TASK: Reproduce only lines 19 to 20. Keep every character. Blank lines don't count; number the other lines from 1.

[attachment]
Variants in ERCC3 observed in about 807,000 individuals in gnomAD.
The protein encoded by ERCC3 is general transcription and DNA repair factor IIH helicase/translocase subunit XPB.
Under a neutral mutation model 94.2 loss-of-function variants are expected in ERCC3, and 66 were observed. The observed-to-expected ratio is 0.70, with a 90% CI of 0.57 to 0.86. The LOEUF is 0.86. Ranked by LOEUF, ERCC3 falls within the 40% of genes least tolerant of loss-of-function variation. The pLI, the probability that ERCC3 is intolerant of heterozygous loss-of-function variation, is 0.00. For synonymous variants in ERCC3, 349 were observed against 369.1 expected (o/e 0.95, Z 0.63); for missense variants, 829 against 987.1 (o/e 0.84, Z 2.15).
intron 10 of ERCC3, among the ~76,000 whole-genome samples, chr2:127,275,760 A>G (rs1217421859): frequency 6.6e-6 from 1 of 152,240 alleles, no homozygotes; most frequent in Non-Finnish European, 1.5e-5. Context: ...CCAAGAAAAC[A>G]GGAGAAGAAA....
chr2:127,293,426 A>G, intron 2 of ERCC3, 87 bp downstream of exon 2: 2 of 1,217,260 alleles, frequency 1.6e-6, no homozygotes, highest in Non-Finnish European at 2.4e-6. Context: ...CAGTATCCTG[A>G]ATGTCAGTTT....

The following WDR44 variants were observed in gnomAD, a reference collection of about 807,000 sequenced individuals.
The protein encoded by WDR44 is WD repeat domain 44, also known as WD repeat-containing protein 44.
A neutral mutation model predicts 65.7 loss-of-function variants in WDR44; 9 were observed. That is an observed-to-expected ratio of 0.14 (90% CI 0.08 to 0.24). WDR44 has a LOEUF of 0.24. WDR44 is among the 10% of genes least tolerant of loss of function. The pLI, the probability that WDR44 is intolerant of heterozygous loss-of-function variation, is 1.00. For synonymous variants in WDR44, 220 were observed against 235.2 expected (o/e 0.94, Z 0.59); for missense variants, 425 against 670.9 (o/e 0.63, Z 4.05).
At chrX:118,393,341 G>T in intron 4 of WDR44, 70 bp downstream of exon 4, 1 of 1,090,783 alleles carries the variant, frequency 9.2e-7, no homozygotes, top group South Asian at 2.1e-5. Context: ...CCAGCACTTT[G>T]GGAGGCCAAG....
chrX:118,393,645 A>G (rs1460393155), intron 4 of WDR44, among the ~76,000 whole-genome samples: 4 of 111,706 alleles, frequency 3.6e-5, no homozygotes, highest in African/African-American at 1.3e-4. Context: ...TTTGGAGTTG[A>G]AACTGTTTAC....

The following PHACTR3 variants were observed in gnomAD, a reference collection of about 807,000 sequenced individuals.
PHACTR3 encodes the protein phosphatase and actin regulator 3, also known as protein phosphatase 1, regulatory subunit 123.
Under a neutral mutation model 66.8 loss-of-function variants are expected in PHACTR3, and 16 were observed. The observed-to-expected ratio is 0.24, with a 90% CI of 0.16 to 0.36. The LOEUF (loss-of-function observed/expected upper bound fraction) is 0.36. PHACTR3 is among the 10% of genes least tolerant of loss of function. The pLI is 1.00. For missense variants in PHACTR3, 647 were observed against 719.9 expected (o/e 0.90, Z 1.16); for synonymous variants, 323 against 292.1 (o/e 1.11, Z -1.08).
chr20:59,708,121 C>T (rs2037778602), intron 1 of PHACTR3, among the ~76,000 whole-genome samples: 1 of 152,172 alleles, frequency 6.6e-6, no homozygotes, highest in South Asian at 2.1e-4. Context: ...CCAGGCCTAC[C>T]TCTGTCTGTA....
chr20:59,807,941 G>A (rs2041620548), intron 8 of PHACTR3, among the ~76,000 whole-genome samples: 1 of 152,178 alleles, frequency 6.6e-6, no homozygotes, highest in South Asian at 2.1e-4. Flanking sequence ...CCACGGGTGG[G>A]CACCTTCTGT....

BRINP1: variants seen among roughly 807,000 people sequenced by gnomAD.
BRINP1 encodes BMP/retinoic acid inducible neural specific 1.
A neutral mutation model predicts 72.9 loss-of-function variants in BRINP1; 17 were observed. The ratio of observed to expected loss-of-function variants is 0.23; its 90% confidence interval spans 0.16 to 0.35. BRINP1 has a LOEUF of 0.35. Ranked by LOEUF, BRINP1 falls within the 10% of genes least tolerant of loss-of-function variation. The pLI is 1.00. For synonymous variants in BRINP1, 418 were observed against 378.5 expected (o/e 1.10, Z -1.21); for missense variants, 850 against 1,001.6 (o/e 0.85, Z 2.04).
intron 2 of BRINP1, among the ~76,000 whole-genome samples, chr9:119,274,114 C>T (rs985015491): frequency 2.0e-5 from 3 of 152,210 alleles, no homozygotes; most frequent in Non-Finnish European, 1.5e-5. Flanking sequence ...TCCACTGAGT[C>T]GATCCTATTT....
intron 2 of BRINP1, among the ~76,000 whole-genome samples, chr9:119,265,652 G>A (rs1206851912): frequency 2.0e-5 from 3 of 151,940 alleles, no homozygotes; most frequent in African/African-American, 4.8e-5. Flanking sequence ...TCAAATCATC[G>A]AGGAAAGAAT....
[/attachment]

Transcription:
intron 2 of BRINP1, among the ~76,000 whole-genome samples, chr9:119,274,114 C>T (rs985015491): frequency 2.0e-5 from 3 of 152,210 alleles, no homozygotes; most frequent in Non-Finnish European, 1.5e-5. Flanking sequence ...TCCACTGAGT[C>T]GATCCTATTT....
intron 2 of BRINP1, among the ~76,000 whole-genome samples, chr9:119,265,652 G>A (rs1206851912): frequency 2.0e-5 from 3 of 151,940 alleles, no homozygotes; most frequent in African/African-American, 4.8e-5. Flanking sequence ...TCAAATCATC[G>A]AGGAAAGAAT....